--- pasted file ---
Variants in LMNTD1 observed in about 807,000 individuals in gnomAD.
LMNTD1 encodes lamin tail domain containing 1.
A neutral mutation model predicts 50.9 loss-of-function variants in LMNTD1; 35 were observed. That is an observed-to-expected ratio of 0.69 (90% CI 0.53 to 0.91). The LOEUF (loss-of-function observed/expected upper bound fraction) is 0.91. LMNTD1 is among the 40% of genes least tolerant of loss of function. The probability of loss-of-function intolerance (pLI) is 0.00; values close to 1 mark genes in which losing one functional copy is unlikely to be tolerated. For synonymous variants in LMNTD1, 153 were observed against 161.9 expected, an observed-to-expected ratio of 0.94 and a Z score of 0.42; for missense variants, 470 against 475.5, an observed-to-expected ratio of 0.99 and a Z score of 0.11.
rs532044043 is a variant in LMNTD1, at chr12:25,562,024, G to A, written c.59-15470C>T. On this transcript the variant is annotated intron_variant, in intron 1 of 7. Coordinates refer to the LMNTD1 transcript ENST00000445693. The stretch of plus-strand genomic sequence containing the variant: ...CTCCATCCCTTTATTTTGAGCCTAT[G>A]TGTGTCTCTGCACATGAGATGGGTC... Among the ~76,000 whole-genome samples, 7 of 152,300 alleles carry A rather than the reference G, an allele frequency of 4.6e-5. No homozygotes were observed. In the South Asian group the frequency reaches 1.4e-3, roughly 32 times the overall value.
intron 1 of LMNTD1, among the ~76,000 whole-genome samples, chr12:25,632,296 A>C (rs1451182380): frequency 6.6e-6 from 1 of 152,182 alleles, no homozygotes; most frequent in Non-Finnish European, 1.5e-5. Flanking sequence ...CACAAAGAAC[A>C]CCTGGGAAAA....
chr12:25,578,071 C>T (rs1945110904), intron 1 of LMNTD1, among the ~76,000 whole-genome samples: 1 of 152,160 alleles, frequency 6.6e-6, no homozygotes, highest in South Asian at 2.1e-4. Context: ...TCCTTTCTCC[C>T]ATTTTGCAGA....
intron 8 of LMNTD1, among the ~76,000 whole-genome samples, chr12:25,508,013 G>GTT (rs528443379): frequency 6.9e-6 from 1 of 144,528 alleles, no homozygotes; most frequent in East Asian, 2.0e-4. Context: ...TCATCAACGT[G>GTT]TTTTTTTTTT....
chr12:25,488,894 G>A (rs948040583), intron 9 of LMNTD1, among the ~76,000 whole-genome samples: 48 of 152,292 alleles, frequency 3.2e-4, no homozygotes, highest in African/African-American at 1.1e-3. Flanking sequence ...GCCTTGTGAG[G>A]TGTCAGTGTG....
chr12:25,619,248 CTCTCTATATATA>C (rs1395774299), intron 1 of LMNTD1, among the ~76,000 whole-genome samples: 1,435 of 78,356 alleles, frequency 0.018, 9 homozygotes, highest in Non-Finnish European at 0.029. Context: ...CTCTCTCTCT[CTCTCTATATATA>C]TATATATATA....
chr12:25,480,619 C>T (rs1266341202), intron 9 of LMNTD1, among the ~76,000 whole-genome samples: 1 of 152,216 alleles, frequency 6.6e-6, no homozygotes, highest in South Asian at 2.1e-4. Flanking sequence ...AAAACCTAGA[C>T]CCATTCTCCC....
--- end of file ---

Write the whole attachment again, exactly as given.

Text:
Variants in LMNTD1 observed in about 807,000 individuals in gnomAD.
LMNTD1 encodes lamin tail domain containing 1.
A neutral mutation model predicts 50.9 loss-of-function variants in LMNTD1; 35 were observed. That is an observed-to-expected ratio of 0.69 (90% CI 0.53 to 0.91). The LOEUF (loss-of-function observed/expected upper bound fraction) is 0.91. LMNTD1 is among the 40% of genes least tolerant of loss of function. The probability of loss-of-function intolerance (pLI) is 0.00; values close to 1 mark genes in which losing one functional copy is unlikely to be tolerated. For synonymous variants in LMNTD1, 153 were observed against 161.9 expected, an observed-to-expected ratio of 0.94 and a Z score of 0.42; for missense variants, 470 against 475.5, an observed-to-expected ratio of 0.99 and a Z score of 0.11.
rs532044043 is a variant in LMNTD1, at chr12:25,562,024, G to A, written c.59-15470C>T. On this transcript the variant is annotated intron_variant, in intron 1 of 7. Coordinates refer to the LMNTD1 transcript ENST00000445693. The stretch of plus-strand genomic sequence containing the variant: ...CTCCATCCCTTTATTTTGAGCCTAT[G>A]TGTGTCTCTGCACATGAGATGGGTC... Among the ~76,000 whole-genome samples, 7 of 152,300 alleles carry A rather than the reference G, an allele frequency of 4.6e-5. No homozygotes were observed. In the South Asian group the frequency reaches 1.4e-3, roughly 32 times the overall value.
intron 1 of LMNTD1, among the ~76,000 whole-genome samples, chr12:25,632,296 A>C (rs1451182380): frequency 6.6e-6 from 1 of 152,182 alleles, no homozygotes; most frequent in Non-Finnish European, 1.5e-5. Flanking sequence ...CACAAAGAAC[A>C]CCTGGGAAAA....
chr12:25,578,071 C>T (rs1945110904), intron 1 of LMNTD1, among the ~76,000 whole-genome samples: 1 of 152,160 alleles, frequency 6.6e-6, no homozygotes, highest in South Asian at 2.1e-4. Context: ...TCCTTTCTCC[C>T]ATTTTGCAGA....
intron 8 of LMNTD1, among the ~76,000 whole-genome samples, chr12:25,508,013 G>GTT (rs528443379): frequency 6.9e-6 from 1 of 144,528 alleles, no homozygotes; most frequent in East Asian, 2.0e-4. Context: ...TCATCAACGT[G>GTT]TTTTTTTTTT....
chr12:25,488,894 G>A (rs948040583), intron 9 of LMNTD1, among the ~76,000 whole-genome samples: 48 of 152,292 alleles, frequency 3.2e-4, no homozygotes, highest in African/African-American at 1.1e-3. Flanking sequence ...GCCTTGTGAG[G>A]TGTCAGTGTG....
chr12:25,619,248 CTCTCTATATATA>C (rs1395774299), intron 1 of LMNTD1, among the ~76,000 whole-genome samples: 1,435 of 78,356 alleles, frequency 0.018, 9 homozygotes, highest in Non-Finnish European at 0.029. Context: ...CTCTCTCTCT[CTCTCTATATATA>C]TATATATATA....
chr12:25,480,619 C>T (rs1266341202), intron 9 of LMNTD1, among the ~76,000 whole-genome samples: 1 of 152,216 alleles, frequency 6.6e-6, no homozygotes, highest in South Asian at 2.1e-4. Flanking sequence ...AAAACCTAGA[C>T]CCATTCTCCC....